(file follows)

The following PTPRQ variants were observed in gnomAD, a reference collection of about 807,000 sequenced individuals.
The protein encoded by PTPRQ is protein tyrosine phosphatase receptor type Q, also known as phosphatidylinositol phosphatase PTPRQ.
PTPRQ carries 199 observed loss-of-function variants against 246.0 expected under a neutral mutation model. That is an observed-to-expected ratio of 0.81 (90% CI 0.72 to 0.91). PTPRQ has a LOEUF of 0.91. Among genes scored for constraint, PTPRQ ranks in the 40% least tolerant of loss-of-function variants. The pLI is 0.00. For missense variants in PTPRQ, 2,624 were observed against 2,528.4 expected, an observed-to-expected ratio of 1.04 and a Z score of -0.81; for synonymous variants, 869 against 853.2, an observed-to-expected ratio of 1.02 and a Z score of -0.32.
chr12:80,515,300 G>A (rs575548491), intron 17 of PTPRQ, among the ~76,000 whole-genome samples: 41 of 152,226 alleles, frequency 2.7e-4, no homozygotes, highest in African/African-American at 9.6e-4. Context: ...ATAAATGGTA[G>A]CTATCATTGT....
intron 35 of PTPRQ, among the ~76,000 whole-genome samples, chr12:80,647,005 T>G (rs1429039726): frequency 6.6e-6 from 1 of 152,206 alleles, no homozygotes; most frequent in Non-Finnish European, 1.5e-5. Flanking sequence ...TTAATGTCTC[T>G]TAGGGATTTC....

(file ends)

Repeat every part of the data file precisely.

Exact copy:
The following PTPRQ variants were observed in gnomAD, a reference collection of about 807,000 sequenced individuals.
The protein encoded by PTPRQ is protein tyrosine phosphatase receptor type Q, also known as phosphatidylinositol phosphatase PTPRQ.
PTPRQ carries 199 observed loss-of-function variants against 246.0 expected under a neutral mutation model. That is an observed-to-expected ratio of 0.81 (90% CI 0.72 to 0.91). PTPRQ has a LOEUF of 0.91. Among genes scored for constraint, PTPRQ ranks in the 40% least tolerant of loss-of-function variants. The pLI is 0.00. For missense variants in PTPRQ, 2,624 were observed against 2,528.4 expected, an observed-to-expected ratio of 1.04 and a Z score of -0.81; for synonymous variants, 869 against 853.2, an observed-to-expected ratio of 1.02 and a Z score of -0.32.
chr12:80,515,300 G>A (rs575548491), intron 17 of PTPRQ, among the ~76,000 whole-genome samples: 41 of 152,226 alleles, frequency 2.7e-4, no homozygotes, highest in African/African-American at 9.6e-4. Context: ...ATAAATGGTA[G>A]CTATCATTGT....
intron 35 of PTPRQ, among the ~76,000 whole-genome samples, chr12:80,647,005 T>G (rs1429039726): frequency 6.6e-6 from 1 of 152,206 alleles, no homozygotes; most frequent in Non-Finnish European, 1.5e-5. Flanking sequence ...TTAATGTCTC[T>G]TAGGGATTTC....